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America's Iran Policy Pendulum

August 4, 2021  •  Chapter in Iran In-Between Us (Tactics Institute, August 2021)

For the second time in a half-decade, U.S. policy toward Iran is undergoing a profound redefinition, as the Biden administration abandons the "maximum pressure" of the Trump era in favor of a broad effort to reengage the Islamic Republic. Even before he was elected in November 2020, it was clear that, as president, Joe Biden would pursue a substantially more accommodating approach toward Tehran than his predecessor. For instance, in the spring of 2020, at the start of the global coronavirus outbreak, Biden himself argued that the U.S. government needed to ease sanctions pressure on Iran[1] – even though the Iranian regime had by then repeatedly turned down offers of humanitarian assistance from the Trump administration.[2] In much the same vein, top foreign policy advisor (now Secretary of State) Antony Blinken indicated that a Biden White House would be willing to resuscitate the 2015 deal over Iran's nuclear program known as the Joint Comprehensive Plan of Action, or JCPOA – including, presumably, reactivating the massive sanctions relief that accompanied the original agreement.[3] Meanwhile, the broad contours of this reengagement was being defined by aligned experts and think tanks, such as the left-leaning Center for a New American Security, which in August of 2020 published what was effectively a blueprint for future talks with Iran.[4] In turn, once it took office in January 2021, reengagement with Iran became a top priority of the Biden administration's foreign policy. Almost immediately, Administration principals (including Secretary of State Blinken, Deputy Secretary of State Wendy Sherman, National Security Advisor Jake Sullivan and State Department Special Envoy Rob Malley) embarked upon extensive outreach toward the Iranian government designed to cajole the country's clerical regime into reentering the 2015 nuclear deal and returning to the diplomatic table. As of this writing, that effort has entailed, among other things: renewed proximity talks between Washington and Tehran, a rollback of key sanctions deemed not to be consistent with the spirit of the 2015 nuclear deal, and a relaxation of American enforcement of those punitive economic measures still in place. Administration officials have waxed optimistic that such steps will, over time, pave the way for a "longer and stronger" deal with Tehran.[5] Yet it is also an effort that is fraught with peril. The Biden administration's Iran policy risks undoing the significant leverage that the United States has accumulated vis-à-vis the Iranian regime over the past two years as a result of "maximum pressure." It likewise risks missing a crucial opening within Iran itself, where an increasingly disaffected populace is coalescing around an anti-regime consensus that offers a tantalizing glimpse at a post-theocratic future for one of America's most vexing strategic adversaries.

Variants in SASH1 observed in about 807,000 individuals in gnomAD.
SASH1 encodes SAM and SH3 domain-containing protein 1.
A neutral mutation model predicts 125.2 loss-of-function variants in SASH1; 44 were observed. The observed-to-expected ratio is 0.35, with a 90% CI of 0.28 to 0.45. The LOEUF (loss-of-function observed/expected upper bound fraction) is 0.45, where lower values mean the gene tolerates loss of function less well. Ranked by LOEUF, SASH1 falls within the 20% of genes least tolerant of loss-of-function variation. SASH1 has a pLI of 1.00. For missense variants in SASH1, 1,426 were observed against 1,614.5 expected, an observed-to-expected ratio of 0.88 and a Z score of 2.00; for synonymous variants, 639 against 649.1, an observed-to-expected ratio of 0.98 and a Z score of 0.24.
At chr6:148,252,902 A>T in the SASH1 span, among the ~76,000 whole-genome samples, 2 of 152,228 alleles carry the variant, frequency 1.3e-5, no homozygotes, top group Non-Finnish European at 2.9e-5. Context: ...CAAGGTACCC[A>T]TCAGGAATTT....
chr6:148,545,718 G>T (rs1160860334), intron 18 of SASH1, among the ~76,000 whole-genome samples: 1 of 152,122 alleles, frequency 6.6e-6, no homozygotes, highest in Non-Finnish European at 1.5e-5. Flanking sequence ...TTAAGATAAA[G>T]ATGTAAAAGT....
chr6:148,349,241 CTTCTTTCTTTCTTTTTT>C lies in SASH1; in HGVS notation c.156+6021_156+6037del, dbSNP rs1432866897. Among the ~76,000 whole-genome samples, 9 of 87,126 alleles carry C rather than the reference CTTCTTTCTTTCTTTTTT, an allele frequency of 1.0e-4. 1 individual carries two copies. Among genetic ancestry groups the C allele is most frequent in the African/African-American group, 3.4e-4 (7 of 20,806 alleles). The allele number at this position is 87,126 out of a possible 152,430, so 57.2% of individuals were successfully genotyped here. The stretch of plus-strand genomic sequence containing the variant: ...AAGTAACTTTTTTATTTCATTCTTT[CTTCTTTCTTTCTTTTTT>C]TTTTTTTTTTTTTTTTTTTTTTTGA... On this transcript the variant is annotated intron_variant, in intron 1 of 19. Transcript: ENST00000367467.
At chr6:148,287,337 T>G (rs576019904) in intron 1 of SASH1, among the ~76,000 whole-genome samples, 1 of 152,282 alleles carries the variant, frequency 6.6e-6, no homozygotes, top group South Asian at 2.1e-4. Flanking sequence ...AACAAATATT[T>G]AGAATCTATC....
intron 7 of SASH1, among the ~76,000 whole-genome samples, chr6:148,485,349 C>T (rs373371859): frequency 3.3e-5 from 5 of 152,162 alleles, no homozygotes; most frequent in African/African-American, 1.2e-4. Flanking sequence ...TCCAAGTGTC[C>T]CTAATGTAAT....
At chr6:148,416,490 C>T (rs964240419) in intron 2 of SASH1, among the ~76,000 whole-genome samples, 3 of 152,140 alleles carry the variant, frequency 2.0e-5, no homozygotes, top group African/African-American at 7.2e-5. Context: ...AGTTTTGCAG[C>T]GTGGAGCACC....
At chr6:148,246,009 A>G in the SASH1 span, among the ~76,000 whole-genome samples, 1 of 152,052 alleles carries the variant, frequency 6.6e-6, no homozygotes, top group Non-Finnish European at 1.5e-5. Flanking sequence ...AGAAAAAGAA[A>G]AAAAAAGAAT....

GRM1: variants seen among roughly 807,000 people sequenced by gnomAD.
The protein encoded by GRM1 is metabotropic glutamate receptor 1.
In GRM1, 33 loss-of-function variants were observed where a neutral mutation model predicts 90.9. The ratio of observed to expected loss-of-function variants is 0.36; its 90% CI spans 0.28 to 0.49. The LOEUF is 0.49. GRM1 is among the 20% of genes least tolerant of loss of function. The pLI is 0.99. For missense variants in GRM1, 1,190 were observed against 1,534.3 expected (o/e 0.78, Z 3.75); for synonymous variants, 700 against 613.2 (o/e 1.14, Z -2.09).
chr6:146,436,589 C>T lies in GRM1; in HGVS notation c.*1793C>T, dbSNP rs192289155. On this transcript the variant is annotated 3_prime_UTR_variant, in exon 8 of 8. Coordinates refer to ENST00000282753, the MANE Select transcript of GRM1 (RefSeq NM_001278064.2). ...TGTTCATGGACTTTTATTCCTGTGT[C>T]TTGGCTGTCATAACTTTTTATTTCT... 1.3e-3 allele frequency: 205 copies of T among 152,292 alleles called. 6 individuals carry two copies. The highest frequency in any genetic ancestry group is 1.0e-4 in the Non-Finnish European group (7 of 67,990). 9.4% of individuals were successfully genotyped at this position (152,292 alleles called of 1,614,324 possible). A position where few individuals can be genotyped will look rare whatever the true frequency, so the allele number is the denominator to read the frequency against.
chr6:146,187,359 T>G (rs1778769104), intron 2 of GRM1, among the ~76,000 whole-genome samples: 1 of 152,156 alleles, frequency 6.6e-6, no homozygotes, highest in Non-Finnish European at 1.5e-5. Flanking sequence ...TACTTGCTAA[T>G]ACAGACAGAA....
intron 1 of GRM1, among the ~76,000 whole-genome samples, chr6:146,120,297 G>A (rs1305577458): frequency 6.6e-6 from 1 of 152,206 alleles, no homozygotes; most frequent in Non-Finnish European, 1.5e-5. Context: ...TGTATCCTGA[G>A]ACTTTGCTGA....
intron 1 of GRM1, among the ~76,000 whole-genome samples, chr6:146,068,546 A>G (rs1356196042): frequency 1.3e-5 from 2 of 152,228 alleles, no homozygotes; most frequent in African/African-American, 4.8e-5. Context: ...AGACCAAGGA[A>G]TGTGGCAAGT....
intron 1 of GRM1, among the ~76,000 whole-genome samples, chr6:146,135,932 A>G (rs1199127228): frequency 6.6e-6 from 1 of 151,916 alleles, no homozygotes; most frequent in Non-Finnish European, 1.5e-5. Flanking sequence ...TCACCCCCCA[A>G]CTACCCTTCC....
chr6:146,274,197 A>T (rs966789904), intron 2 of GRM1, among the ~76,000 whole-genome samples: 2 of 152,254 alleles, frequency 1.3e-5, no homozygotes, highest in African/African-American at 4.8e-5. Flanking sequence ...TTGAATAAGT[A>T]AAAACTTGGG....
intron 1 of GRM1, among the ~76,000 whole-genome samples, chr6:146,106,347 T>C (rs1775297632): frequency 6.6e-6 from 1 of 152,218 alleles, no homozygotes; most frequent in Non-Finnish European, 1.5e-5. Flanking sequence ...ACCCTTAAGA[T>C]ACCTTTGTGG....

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Books by Ilan Berman

Cover of Iran's Deadly Ambition Cover of Implosion Cover of Winning the Long War Cover of Tehran Rising